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Ahead of Israeli Elections, Only One Thing Is Clear: You’re Either ‘For Bibi’ or Against Him

An election campaign billboard for the Likud party shows a portrait of its leader Prime Minister Benjamin Netanyahu, left, and opposition party leader Yair Lapid.  (AP Photo/Oded Balilty)
An election campaign billboard for the Likud party shows a portrait of its leader Prime Minister Benjamin Netanyahu, left, and opposition party leader Yair Lapid. (AP Photo/Oded Balilty)

On Tuesday, Israelis go to the polls for their fourth election in less than two years. Dozens of political parties are vying for government control and as election day gets closer the picture is anything but clear.

In the latest surveys, the top contenders are Israeli Prime Minister Benjamin Netanyahu’s Likud party and Yair Lapid’s Yesh Atid.

“You have to put someone in charge to revive the Israeli economy, who are you gonna [get to] do it? Somebody who’s already done it successfully, and brought Israel’s economy to the best results in our history or someone like Yair Lapid?” Netanyahu said in an interview with the Tel Aviv International Salon in conjunction with The Jerusalem Post, in a venue that reaches out to Anglos living in Israel.

“I think it’s time for a generational change, shift, in Israel. As I was saying, I’m ready, the party’s ready. We have the right plans, we have the right abilities, the right experience by now,” Lapid said in a separate interview with the same group.

For this population, that’s weary of lockdowns, a battered economy and too many elections, result projections are unclear. 

According to a poll from Israeli public broadcaster KAN:  Likud remains in the lead with 30 seats; Yesh Atid is next with 21; followed by Yamina with 12 and New Hope at 11.

Seven more parties would likely enter the Knesset with fewer seats including Defense Minister Benny Gantz’s Blue and White party.  Others won’t pass the threshold required to get in.

Whether any of the top contenders can form a coalition is the question.

“For the first time it’s not two rivals that are fighting head to head or neck to neck as we had in previous elections with Benny Gantz and Netanyahu. Here it’s some kind of quadruple elections and no one can really forecast what will be the outcome,” said Aviv Bushinsky, Former Advisor and Chief of Staff  to Netanyahu.

In Israel’s parliamentary system citizens vote for a party, not the prime minister.  There are 120 seats in the Knesset and the leader whose party wins the most seats or who is most likely to succeed, gets the job of building a coalition.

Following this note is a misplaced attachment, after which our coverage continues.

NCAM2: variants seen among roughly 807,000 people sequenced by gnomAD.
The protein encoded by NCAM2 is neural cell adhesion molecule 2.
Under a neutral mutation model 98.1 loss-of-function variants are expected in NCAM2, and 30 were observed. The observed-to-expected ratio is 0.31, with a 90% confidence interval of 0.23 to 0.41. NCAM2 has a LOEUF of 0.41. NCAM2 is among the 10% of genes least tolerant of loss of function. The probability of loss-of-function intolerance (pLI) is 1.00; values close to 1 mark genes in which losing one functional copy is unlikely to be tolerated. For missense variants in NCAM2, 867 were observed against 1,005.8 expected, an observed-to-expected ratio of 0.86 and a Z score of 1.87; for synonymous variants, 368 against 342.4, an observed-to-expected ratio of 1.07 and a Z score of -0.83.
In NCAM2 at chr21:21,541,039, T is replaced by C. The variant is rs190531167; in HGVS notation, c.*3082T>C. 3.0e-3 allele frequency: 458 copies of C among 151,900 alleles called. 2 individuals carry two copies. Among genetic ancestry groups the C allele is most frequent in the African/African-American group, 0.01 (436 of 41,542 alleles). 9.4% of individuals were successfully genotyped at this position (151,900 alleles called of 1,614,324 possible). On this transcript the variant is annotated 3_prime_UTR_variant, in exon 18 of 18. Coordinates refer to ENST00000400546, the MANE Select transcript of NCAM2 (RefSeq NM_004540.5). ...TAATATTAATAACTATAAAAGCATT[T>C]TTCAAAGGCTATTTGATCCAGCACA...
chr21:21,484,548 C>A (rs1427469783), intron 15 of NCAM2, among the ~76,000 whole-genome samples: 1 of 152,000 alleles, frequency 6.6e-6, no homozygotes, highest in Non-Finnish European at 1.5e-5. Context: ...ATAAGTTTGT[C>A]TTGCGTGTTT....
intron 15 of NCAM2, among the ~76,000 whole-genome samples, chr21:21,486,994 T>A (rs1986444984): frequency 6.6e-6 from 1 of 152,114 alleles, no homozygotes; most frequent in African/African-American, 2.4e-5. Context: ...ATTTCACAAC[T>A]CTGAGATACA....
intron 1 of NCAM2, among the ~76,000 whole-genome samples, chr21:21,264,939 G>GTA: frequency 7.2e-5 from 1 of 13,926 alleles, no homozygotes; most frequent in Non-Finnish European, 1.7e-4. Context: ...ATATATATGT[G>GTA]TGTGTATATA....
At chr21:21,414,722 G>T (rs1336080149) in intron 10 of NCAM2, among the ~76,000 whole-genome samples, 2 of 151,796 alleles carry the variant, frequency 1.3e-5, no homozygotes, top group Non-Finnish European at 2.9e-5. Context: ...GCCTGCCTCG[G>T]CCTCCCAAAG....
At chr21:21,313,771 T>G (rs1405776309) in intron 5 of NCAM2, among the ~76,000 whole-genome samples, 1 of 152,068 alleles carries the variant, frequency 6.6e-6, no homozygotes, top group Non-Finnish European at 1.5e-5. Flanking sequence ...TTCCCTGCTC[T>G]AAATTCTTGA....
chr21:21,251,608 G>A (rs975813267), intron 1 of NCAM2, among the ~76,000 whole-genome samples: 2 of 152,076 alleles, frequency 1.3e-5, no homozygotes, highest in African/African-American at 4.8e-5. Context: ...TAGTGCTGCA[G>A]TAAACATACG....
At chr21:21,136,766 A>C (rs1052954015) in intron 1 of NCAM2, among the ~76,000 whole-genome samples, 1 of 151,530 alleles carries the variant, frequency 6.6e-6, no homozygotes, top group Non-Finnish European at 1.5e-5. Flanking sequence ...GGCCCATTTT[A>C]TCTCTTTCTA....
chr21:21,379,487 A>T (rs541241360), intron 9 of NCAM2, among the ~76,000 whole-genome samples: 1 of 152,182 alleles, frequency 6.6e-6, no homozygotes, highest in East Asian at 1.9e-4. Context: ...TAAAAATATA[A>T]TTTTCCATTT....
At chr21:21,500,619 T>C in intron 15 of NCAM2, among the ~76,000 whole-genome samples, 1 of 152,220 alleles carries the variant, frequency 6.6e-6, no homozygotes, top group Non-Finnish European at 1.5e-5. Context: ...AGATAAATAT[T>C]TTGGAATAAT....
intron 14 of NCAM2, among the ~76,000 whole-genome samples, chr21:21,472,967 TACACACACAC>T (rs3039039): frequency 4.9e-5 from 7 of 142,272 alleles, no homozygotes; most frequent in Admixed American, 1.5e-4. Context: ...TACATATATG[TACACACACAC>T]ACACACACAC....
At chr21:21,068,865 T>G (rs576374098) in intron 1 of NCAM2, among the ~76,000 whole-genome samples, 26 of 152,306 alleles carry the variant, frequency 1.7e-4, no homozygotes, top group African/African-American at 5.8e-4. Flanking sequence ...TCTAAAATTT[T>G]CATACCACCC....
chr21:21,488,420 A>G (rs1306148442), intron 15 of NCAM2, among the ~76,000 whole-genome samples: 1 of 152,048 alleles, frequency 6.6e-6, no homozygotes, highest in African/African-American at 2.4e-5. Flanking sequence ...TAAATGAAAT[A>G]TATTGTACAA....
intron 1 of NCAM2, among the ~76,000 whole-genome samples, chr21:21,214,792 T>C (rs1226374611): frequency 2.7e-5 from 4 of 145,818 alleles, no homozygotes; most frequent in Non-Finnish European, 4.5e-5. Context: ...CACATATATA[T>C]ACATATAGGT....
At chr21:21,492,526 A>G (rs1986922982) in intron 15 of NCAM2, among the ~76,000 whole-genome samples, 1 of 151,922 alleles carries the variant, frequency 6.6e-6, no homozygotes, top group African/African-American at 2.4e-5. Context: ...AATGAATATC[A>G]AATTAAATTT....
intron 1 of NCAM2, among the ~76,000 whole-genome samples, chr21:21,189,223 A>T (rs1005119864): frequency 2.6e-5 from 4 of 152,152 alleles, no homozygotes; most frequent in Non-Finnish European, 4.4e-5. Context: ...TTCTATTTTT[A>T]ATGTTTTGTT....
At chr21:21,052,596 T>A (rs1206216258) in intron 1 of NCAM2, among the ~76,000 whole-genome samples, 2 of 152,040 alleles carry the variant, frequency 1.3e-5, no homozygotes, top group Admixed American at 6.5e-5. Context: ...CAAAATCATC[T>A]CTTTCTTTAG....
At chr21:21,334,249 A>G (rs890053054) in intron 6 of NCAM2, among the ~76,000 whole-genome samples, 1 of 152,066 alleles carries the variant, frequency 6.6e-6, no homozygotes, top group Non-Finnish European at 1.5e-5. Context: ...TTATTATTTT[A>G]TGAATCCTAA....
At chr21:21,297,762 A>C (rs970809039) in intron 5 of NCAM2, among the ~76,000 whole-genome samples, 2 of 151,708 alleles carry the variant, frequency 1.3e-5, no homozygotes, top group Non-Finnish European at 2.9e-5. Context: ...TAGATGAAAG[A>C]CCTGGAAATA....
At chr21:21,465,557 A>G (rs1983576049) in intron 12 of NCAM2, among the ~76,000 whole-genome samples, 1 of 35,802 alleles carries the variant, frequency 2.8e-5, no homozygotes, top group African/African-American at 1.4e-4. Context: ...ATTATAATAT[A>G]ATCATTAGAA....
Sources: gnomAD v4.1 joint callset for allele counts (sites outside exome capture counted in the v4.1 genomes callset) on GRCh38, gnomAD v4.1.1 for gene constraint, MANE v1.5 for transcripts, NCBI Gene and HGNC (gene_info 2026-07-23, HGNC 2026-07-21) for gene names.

Bushinsky says there are really only two camps.

“We can define these elections that it’s ‘yes Bibi’ or ‘no Bibi’ – ‘yes for Netanyahu’ or ‘no for Netanyahu.’ And in a way it’s not exactly what he did or did not do,” Bushinsky told CBN News.

Many praise Netanyahu for the mass vaccination campaign and the Abraham Accords peace agreements.

And while some 70 percent of the Knesset is rightwing, many on the right oppose him.

“There are a great number of people who despise Netanyahu, who don’t like Netanyahu for other reasons. Because, Netanyahu is here for many, many years -- some say too many years -- and without even mentioning the fact that he’s being tried for corruption,” Bushinsky said.

At Jerusalem’s Mahane Yehuda open-air market the division was clear.

“I’m a Likud man. I’ve known Bibi since he was the United Nations ambassador when I was living in New York and I remain Likud,” said Rafael Har, Founder of the United Jerusalem Freedom Alliance.

“The religious are really ruined by this subject. Until now I always chose Bibi, all the years, simply. This time I won’t vote for him, unequivocally,” said Hani.

“We have a great prime minister. I believe it’s time to change. This country needs a change. And on top of all, I would actually put a limit to the time that he should be elected,” said Michael.

According to Bushinsky, more than 40 percent of those who intend to vote are undecided.

“I think that when the ideology is not the main issue then people are confused,” Bushinsky said.

“So after reading a lot of agendas, a lot of ideologies, I’ve settled on Yair Lapid, the Yesh Atid party, and I mean I’m not certain that’s exactly what I support but I feel right now that’s the best option,” said Itay, a first-time voter.  

“I really hope that stuff will change after this election, although I have to say that as someone going to vote and I have no clue who I’m going to vote to. I have no clue,” said Shaked.

And if all else fails, Israelis could find themselves heading to a fifth election again this year or next.


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